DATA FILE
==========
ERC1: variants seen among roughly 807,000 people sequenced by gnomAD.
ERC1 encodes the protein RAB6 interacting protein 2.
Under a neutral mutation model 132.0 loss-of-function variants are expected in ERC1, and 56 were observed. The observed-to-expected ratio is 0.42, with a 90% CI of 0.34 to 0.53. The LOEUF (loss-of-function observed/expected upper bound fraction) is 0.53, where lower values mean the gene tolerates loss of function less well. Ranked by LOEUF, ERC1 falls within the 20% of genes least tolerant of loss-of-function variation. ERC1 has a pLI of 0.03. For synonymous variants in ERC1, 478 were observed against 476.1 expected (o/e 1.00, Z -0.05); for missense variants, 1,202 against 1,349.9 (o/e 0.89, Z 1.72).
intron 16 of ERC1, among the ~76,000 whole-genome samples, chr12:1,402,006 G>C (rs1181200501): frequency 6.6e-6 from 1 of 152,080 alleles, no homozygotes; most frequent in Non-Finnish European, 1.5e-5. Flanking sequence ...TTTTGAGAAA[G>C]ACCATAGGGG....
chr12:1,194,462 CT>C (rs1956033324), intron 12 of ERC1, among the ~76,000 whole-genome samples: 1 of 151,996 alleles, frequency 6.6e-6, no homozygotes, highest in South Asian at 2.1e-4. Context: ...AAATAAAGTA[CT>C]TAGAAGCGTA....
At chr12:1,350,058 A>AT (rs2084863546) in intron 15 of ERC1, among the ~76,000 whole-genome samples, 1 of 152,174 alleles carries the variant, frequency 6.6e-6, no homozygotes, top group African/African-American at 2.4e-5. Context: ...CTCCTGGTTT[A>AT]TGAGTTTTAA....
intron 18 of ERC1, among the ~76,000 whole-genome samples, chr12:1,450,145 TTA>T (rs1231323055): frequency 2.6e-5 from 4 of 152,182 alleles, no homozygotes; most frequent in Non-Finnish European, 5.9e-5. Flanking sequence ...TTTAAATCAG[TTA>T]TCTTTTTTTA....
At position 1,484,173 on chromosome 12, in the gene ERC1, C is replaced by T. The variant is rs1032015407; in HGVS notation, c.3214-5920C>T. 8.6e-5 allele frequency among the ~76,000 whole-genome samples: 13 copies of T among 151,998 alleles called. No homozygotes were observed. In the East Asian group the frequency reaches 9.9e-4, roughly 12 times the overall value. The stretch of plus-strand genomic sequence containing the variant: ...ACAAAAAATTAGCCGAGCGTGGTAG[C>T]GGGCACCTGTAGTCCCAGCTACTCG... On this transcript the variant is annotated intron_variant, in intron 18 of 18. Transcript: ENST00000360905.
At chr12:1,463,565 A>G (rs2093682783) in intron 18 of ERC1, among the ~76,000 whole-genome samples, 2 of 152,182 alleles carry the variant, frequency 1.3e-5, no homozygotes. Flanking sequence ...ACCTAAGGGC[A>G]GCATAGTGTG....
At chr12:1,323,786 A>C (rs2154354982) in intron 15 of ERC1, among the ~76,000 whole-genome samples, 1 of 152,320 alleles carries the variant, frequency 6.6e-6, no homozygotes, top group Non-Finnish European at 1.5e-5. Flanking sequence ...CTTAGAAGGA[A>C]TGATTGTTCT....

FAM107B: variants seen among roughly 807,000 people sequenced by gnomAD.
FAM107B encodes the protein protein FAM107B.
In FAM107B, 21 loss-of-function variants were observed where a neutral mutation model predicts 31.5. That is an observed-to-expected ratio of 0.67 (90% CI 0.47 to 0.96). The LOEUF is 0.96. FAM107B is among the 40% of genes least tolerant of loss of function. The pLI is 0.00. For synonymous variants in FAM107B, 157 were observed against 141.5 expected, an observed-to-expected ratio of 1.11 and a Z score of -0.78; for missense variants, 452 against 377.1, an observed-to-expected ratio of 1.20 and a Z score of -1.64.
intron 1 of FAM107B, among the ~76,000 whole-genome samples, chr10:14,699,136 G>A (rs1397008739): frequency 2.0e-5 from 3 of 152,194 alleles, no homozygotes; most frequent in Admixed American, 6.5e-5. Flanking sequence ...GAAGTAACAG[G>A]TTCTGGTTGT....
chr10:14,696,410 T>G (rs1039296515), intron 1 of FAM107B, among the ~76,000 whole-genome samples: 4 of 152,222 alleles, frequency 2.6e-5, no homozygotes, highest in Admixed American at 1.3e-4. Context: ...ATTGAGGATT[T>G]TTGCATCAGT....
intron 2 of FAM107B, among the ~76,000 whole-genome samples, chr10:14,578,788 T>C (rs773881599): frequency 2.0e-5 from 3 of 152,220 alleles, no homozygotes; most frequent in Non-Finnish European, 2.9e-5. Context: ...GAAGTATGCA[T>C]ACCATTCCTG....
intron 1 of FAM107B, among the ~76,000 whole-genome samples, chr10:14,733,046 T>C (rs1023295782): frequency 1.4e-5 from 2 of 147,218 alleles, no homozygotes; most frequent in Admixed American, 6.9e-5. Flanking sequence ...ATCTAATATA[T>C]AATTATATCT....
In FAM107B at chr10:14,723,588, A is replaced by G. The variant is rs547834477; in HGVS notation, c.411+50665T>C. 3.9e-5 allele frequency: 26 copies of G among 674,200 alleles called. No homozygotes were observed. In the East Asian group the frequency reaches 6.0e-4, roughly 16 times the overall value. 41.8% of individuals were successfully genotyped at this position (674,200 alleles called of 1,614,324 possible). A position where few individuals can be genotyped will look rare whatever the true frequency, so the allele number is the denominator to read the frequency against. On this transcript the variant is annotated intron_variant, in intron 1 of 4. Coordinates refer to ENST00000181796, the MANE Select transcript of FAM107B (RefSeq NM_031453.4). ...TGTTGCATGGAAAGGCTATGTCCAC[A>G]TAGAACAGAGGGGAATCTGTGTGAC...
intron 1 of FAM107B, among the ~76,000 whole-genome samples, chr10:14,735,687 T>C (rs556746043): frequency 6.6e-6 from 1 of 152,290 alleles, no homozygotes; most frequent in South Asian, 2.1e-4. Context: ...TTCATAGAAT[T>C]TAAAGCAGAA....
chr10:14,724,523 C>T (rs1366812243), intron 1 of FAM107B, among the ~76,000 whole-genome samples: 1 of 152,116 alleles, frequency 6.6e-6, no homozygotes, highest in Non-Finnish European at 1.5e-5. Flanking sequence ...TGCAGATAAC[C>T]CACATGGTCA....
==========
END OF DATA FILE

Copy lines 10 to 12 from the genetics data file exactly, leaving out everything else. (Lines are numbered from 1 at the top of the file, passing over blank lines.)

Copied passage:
At chr12:1,323,786 A>C (rs2154354982) in intron 15 of ERC1, among the ~76,000 whole-genome samples, 1 of 152,320 alleles carries the variant, frequency 6.6e-6, no homozygotes, top group Non-Finnish European at 1.5e-5. Flanking sequence ...CTTAGAAGGA[A>C]TGATTGTTCT....

FAM107B: variants seen among roughly 807,000 people sequenced by gnomAD.
FAM107B encodes the protein protein FAM107B.